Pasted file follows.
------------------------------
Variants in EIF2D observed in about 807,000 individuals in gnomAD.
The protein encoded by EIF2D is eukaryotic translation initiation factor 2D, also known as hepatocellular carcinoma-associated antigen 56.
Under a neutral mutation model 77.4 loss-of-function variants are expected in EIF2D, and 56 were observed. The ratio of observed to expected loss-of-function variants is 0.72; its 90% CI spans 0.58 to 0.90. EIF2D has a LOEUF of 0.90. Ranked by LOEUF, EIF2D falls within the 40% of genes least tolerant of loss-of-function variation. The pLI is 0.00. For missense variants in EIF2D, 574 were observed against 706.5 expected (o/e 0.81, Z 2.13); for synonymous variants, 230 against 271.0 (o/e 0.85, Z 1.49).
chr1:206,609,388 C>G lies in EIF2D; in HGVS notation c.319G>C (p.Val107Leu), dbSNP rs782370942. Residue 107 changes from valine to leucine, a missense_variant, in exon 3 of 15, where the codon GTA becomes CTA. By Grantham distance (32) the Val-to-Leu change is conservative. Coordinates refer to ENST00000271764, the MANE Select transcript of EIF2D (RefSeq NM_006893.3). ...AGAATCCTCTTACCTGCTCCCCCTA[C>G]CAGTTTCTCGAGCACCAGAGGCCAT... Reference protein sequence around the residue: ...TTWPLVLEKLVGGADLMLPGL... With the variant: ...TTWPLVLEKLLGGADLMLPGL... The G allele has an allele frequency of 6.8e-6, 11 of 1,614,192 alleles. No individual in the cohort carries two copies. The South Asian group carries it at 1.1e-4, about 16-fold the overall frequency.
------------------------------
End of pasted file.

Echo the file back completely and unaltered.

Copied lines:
Variants in EIF2D observed in about 807,000 individuals in gnomAD.
The protein encoded by EIF2D is eukaryotic translation initiation factor 2D, also known as hepatocellular carcinoma-associated antigen 56.
Under a neutral mutation model 77.4 loss-of-function variants are expected in EIF2D, and 56 were observed. The ratio of observed to expected loss-of-function variants is 0.72; its 90% CI spans 0.58 to 0.90. EIF2D has a LOEUF of 0.90. Ranked by LOEUF, EIF2D falls within the 40% of genes least tolerant of loss-of-function variation. The pLI is 0.00. For missense variants in EIF2D, 574 were observed against 706.5 expected (o/e 0.81, Z 2.13); for synonymous variants, 230 against 271.0 (o/e 0.85, Z 1.49).
chr1:206,609,388 C>G lies in EIF2D; in HGVS notation c.319G>C (p.Val107Leu), dbSNP rs782370942. Residue 107 changes from valine to leucine, a missense_variant, in exon 3 of 15, where the codon GTA becomes CTA. By Grantham distance (32) the Val-to-Leu change is conservative. Coordinates refer to ENST00000271764, the MANE Select transcript of EIF2D (RefSeq NM_006893.3). ...AGAATCCTCTTACCTGCTCCCCCTA[C>G]CAGTTTCTCGAGCACCAGAGGCCAT... Reference protein sequence around the residue: ...TTWPLVLEKLVGGADLMLPGL... With the variant: ...TTWPLVLEKLLGGADLMLPGL... The G allele has an allele frequency of 6.8e-6, 11 of 1,614,192 alleles. No individual in the cohort carries two copies. The South Asian group carries it at 1.1e-4, about 16-fold the overall frequency.